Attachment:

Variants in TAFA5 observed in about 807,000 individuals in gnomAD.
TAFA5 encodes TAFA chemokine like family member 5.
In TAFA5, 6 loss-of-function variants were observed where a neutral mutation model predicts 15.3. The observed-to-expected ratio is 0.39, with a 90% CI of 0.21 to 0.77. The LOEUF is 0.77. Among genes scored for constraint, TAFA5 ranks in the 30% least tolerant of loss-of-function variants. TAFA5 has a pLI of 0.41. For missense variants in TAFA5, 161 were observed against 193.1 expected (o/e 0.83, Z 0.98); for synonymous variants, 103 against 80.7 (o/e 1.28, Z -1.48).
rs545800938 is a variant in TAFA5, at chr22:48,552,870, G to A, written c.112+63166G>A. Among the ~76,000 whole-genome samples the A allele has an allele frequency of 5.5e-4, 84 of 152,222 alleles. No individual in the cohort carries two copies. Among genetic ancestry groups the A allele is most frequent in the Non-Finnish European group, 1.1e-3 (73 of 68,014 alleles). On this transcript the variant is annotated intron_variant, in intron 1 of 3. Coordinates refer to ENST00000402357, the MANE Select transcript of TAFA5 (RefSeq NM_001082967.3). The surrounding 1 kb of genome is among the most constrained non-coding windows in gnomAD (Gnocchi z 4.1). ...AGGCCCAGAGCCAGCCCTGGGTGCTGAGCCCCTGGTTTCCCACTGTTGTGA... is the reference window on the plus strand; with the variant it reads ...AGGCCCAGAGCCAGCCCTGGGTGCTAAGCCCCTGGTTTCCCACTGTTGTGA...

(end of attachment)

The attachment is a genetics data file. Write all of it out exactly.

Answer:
Variants in TAFA5 observed in about 807,000 individuals in gnomAD.
TAFA5 encodes TAFA chemokine like family member 5.
In TAFA5, 6 loss-of-function variants were observed where a neutral mutation model predicts 15.3. The observed-to-expected ratio is 0.39, with a 90% CI of 0.21 to 0.77. The LOEUF is 0.77. Among genes scored for constraint, TAFA5 ranks in the 30% least tolerant of loss-of-function variants. TAFA5 has a pLI of 0.41. For missense variants in TAFA5, 161 were observed against 193.1 expected (o/e 0.83, Z 0.98); for synonymous variants, 103 against 80.7 (o/e 1.28, Z -1.48).
rs545800938 is a variant in TAFA5, at chr22:48,552,870, G to A, written c.112+63166G>A. Among the ~76,000 whole-genome samples the A allele has an allele frequency of 5.5e-4, 84 of 152,222 alleles. No individual in the cohort carries two copies. Among genetic ancestry groups the A allele is most frequent in the Non-Finnish European group, 1.1e-3 (73 of 68,014 alleles). On this transcript the variant is annotated intron_variant, in intron 1 of 3. Coordinates refer to ENST00000402357, the MANE Select transcript of TAFA5 (RefSeq NM_001082967.3). The surrounding 1 kb of genome is among the most constrained non-coding windows in gnomAD (Gnocchi z 4.1). ...AGGCCCAGAGCCAGCCCTGGGTGCTGAGCCCCTGGTTTCCCACTGTTGTGA... is the reference window on the plus strand; with the variant it reads ...AGGCCCAGAGCCAGCCCTGGGTGCTAAGCCCCTGGTTTCCCACTGTTGTGA...